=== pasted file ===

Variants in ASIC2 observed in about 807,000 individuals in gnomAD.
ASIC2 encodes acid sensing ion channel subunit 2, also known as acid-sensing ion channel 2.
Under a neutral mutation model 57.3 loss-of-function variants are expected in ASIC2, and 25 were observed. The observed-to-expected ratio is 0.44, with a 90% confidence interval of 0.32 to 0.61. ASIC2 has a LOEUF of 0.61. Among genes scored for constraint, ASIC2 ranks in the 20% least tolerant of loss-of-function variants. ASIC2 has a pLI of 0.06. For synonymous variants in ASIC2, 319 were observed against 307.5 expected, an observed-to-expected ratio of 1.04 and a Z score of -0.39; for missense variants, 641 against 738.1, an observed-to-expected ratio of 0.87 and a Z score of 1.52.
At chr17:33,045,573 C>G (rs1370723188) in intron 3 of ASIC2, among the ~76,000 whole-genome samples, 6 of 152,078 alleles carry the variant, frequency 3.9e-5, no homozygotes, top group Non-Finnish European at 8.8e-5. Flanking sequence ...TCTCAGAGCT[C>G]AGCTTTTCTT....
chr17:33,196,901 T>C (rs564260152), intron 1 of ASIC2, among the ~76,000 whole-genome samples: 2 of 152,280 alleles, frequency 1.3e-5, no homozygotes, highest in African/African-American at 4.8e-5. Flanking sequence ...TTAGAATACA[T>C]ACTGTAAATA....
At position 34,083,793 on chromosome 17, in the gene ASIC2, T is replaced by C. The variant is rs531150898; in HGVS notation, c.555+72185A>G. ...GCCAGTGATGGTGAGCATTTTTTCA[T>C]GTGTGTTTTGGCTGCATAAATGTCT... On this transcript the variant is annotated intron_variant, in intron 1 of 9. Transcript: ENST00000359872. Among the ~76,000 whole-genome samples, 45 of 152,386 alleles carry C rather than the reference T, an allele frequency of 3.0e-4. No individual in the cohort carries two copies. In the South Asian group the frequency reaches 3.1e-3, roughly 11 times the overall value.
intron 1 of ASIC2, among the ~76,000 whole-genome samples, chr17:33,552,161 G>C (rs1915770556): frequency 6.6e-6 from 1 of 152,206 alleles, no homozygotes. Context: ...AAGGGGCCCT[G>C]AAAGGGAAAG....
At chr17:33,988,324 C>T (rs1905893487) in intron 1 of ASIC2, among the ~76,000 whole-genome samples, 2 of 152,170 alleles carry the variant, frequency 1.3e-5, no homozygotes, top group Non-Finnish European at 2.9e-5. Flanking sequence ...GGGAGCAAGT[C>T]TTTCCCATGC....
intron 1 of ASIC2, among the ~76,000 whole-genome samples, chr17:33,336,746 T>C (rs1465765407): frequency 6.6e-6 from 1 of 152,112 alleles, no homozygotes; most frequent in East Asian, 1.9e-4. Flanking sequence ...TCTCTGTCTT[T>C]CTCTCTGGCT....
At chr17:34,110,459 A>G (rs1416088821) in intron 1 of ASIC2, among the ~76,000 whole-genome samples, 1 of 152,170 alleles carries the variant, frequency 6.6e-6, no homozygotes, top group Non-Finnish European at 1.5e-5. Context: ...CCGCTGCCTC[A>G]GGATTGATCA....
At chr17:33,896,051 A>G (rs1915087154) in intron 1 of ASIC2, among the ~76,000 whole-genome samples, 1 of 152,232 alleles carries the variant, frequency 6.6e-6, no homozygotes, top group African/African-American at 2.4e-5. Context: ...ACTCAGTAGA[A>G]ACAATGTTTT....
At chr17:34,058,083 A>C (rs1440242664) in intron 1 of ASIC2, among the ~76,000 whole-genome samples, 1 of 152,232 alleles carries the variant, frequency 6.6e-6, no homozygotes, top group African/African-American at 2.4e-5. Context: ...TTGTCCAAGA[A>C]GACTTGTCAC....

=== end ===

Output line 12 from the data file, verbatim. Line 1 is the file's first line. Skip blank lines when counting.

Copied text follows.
At chr17:34,058,083 A>C (rs1440242664) in intron 1 of ASIC2, among the ~76,000 whole-genome samples, 1 of 152,232 alleles carries the variant, frequency 6.6e-6, no homozygotes, top group African/African-American at 2.4e-5. Context: ...TTGTCCAAGA[A>C]GACTTGTCAC....